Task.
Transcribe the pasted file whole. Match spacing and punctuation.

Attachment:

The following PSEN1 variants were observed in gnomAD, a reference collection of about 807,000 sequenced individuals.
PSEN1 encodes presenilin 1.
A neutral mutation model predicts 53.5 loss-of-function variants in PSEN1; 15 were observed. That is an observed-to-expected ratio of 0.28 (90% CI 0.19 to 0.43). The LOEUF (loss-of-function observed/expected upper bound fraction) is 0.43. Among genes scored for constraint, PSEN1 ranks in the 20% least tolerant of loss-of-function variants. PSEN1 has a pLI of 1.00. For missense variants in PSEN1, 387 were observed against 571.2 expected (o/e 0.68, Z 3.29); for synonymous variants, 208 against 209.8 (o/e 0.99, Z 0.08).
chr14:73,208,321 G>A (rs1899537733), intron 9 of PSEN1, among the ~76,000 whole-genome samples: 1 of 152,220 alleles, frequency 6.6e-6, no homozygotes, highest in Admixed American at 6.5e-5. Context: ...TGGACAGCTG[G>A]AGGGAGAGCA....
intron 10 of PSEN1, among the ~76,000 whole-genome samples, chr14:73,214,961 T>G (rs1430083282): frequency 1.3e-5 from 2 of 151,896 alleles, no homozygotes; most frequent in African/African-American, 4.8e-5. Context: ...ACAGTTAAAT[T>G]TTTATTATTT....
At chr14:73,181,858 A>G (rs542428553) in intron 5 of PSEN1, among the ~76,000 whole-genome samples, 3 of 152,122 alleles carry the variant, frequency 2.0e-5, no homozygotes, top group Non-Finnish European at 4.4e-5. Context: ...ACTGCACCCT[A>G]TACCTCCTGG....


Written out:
The following PSEN1 variants were observed in gnomAD, a reference collection of about 807,000 sequenced individuals.
PSEN1 encodes presenilin 1.
A neutral mutation model predicts 53.5 loss-of-function variants in PSEN1; 15 were observed. That is an observed-to-expected ratio of 0.28 (90% CI 0.19 to 0.43). The LOEUF (loss-of-function observed/expected upper bound fraction) is 0.43. Among genes scored for constraint, PSEN1 ranks in the 20% least tolerant of loss-of-function variants. PSEN1 has a pLI of 1.00. For missense variants in PSEN1, 387 were observed against 571.2 expected (o/e 0.68, Z 3.29); for synonymous variants, 208 against 209.8 (o/e 0.99, Z 0.08).
chr14:73,208,321 G>A (rs1899537733), intron 9 of PSEN1, among the ~76,000 whole-genome samples: 1 of 152,220 alleles, frequency 6.6e-6, no homozygotes, highest in Admixed American at 6.5e-5. Context: ...TGGACAGCTG[G>A]AGGGAGAGCA....
intron 10 of PSEN1, among the ~76,000 whole-genome samples, chr14:73,214,961 T>G (rs1430083282): frequency 1.3e-5 from 2 of 151,896 alleles, no homozygotes; most frequent in African/African-American, 4.8e-5. Context: ...ACAGTTAAAT[T>G]TTTATTATTT....
At chr14:73,181,858 A>G (rs542428553) in intron 5 of PSEN1, among the ~76,000 whole-genome samples, 3 of 152,122 alleles carry the variant, frequency 2.0e-5, no homozygotes, top group Non-Finnish European at 4.4e-5. Context: ...ACTGCACCCT[A>G]TACCTCCTGG....